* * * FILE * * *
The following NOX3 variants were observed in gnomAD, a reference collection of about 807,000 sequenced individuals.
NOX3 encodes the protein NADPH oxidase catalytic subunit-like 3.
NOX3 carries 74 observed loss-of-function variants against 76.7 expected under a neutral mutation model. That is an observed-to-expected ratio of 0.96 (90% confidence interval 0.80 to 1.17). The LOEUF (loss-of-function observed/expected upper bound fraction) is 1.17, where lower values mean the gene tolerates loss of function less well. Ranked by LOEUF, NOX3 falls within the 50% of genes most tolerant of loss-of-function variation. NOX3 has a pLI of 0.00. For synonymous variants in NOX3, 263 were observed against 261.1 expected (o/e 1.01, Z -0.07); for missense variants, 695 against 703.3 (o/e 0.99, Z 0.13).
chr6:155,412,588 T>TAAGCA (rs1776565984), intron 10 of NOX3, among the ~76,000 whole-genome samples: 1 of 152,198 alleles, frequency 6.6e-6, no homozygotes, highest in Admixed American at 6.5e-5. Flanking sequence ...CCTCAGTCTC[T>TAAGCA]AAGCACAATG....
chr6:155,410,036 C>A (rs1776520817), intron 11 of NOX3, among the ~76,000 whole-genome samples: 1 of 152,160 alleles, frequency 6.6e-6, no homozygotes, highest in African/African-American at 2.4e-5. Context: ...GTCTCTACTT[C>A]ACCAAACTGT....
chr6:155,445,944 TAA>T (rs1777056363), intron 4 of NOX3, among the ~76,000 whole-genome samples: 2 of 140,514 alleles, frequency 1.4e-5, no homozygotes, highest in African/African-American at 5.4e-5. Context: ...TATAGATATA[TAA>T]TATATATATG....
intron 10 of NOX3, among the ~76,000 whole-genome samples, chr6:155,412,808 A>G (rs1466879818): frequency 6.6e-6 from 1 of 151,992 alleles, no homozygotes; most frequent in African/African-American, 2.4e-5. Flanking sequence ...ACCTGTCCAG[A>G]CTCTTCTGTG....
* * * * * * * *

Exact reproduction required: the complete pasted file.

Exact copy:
The following NOX3 variants were observed in gnomAD, a reference collection of about 807,000 sequenced individuals.
NOX3 encodes the protein NADPH oxidase catalytic subunit-like 3.
NOX3 carries 74 observed loss-of-function variants against 76.7 expected under a neutral mutation model. That is an observed-to-expected ratio of 0.96 (90% confidence interval 0.80 to 1.17). The LOEUF (loss-of-function observed/expected upper bound fraction) is 1.17, where lower values mean the gene tolerates loss of function less well. Ranked by LOEUF, NOX3 falls within the 50% of genes most tolerant of loss-of-function variation. NOX3 has a pLI of 0.00. For synonymous variants in NOX3, 263 were observed against 261.1 expected (o/e 1.01, Z -0.07); for missense variants, 695 against 703.3 (o/e 0.99, Z 0.13).
chr6:155,412,588 T>TAAGCA (rs1776565984), intron 10 of NOX3, among the ~76,000 whole-genome samples: 1 of 152,198 alleles, frequency 6.6e-6, no homozygotes, highest in Admixed American at 6.5e-5. Flanking sequence ...CCTCAGTCTC[T>TAAGCA]AAGCACAATG....
chr6:155,410,036 C>A (rs1776520817), intron 11 of NOX3, among the ~76,000 whole-genome samples: 1 of 152,160 alleles, frequency 6.6e-6, no homozygotes, highest in African/African-American at 2.4e-5. Context: ...GTCTCTACTT[C>A]ACCAAACTGT....
chr6:155,445,944 TAA>T (rs1777056363), intron 4 of NOX3, among the ~76,000 whole-genome samples: 2 of 140,514 alleles, frequency 1.4e-5, no homozygotes, highest in African/African-American at 5.4e-5. Context: ...TATAGATATA[TAA>T]TATATATATG....
intron 10 of NOX3, among the ~76,000 whole-genome samples, chr6:155,412,808 A>G (rs1466879818): frequency 6.6e-6 from 1 of 151,992 alleles, no homozygotes; most frequent in African/African-American, 2.4e-5. Flanking sequence ...ACCTGTCCAG[A>G]CTCTTCTGTG....